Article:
Advice needed on how to make older Macs useful

I have a nice new (well, not M1) Mac which runs Monterey etc, but that’s in the UK, where I live some of the time. The other part of the time I’m in France, and I’ve tried to keep things going with two older Macs, reasoning that they would be good for internet access, email and other basic tasks. One of these is an iMac, mid-2011, which can’t get beyond High Sierra; the other is a MacBook, lat 2013, which can run Big Sur but not Monterey. Both have 8Gb of memory and a reasonable amount of disc space available. Both are connected via Ethernet to the same fast fibre network.

These two machines misbehave in different ways: the iMac is rock solid and never crashes, but opening a program can sometimes take minutes. Looking at the Activity Monitor there doesn’t seem to be any reason for this at all. I have absolutely no idea how to cure this, or indeed to explain it, and I can’t find any source of advice about it. Once a program is running, (Safari, Pages, Mail etc) it runs at normal speed.

The MacBook on the other hand doesn’t suffer undue delays, but it very often announces that storage is full, sometimes even when the only program running is the Finder! And it crashes and restarts several times a day, sometimes more than once an hour. Sometimes its restarts in this way just after it’s been started! Again, I have looked around for advice on this but haven’t found anything meaningful. Is the machine broken in some way - how would I know?

I can’t afford to buy any more Apple hardware right now. I’m seeking avenues by which I might get these two machines, or just one of them, back into stability. Any advice would be much appreciated.

The iMac likely is suffering from poor i/o performance related to its HDD. 8 GB RAM is tight, but on HS that should at least allow for light email/browsing. You’d need to swap its internal HDD with a SSD which is a bit involved. You could go the external route to make things easier, but there you’re hampered by lack of USB3. FW800 is a bust. You’d have to go TB via an adapter and that will end up being very expensive. If you could find an Apple authorized tech willing to swap your internal HDD for an SSD (and possibly add 8 GB RAM while they’re at it) that would likely make the Mac useable. The question is if you really want to spend on the order of $/€ 500 on a 2011 iMac. Personally, I’d rather put that towards a new Mac, but that boils down to your means.

Is the MB’s disk actually full? Macs don’t like to see their boot partition close to full and that usually leads to all kinds of weird behavior. You probably want at least ~20% free space left at any time. If the disk is not full, try running Apple Diagnostics (boot holding d) and see what that says. If that comes back clean, try running in safe mode (boot holding shift) and see if problems persist there. If they go away, that means it’s software, most likely related to your user account. You could try a new user account and build back your old environment piece by piece.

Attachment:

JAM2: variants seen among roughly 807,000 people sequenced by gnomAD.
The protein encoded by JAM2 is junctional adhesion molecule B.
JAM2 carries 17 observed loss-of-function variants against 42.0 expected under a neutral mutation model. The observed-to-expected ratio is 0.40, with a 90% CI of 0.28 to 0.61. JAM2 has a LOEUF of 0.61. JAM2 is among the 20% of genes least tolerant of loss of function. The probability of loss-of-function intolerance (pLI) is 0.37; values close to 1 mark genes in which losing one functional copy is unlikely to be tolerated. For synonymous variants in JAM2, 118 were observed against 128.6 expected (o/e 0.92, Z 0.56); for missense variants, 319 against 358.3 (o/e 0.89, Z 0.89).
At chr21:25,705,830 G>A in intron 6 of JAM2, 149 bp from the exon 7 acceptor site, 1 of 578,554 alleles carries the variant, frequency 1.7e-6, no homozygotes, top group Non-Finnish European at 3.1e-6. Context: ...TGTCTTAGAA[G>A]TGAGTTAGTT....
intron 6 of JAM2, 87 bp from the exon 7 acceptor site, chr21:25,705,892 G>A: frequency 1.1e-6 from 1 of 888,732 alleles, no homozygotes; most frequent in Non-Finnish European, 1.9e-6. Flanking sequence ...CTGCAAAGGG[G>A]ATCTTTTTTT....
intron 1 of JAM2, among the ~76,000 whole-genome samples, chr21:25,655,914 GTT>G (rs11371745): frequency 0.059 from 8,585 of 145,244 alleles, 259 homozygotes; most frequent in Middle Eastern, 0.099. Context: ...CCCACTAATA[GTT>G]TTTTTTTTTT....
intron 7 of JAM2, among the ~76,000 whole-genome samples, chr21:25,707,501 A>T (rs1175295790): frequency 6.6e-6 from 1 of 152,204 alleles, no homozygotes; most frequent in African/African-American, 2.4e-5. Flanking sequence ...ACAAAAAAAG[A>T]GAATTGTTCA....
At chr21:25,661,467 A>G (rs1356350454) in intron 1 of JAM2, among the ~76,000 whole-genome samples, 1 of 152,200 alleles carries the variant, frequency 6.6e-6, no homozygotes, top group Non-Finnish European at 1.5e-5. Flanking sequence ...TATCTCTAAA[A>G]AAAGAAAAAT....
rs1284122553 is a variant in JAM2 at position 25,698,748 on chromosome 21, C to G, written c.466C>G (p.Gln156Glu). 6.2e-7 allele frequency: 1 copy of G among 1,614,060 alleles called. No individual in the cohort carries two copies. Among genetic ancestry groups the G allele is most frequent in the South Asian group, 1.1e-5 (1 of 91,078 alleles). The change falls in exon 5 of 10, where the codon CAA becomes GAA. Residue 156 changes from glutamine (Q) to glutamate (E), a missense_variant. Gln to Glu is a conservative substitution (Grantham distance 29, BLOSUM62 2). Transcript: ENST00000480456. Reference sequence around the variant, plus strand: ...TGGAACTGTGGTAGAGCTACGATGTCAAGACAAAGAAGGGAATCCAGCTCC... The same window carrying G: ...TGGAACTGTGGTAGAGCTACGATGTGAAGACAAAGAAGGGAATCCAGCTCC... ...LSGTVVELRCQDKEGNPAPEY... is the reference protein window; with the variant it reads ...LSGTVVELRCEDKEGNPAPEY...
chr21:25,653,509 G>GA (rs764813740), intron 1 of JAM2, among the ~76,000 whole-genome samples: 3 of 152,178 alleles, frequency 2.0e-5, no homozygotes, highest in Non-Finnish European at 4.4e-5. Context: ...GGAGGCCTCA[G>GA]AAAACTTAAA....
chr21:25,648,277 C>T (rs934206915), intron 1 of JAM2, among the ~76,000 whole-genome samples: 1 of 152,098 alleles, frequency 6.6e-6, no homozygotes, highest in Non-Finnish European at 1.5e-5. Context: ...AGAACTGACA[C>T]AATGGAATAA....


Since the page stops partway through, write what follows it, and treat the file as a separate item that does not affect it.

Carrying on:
Simon - thanks for that very quick reply! From your analysis, I agree I should either abandon the 2011 machine or just put up with its slowness. For the MB, I will take your advice, and report back. Thanks again.

Have you considered Chrome OS Flex?

Check to make sure you do not have full drives. Keep at least 25% of the drive empty.

Try to minimize the apps you have running at once, because of RAM issues.

On the MacBook, see if you have the same issues with a new User Account. Just create one, and do some of the tasks you might ordinarily do. Wouldn’t hurt to try that with the iMac.

Have you tried booting in SafeMode ?

It’s worth trying to run Disk Utility to see if it finds issues with the drive.

Neither of these strikes me as hopelessly old. I was using a 2008 MacBook until last year.

Thanks Alan for that suggestion. Unfortunately I (and my family) are deep into the Apple universe, and rely on Apple’s Mail, Calendar, Photos and iCloud to make sure that in all our different devices and locations we see substantially the same thing and that pretty much everything stays in sync. And even if we can get over that issue, as an old software engineer I might be willing to learn a new user interface, but I doubt if my wife, with her entirely different technical background, would have the patience to do so. So I will try all the other tricks suggested on this thread first, and hope perhaps for some relief thereby. But it’s an intriguing thought.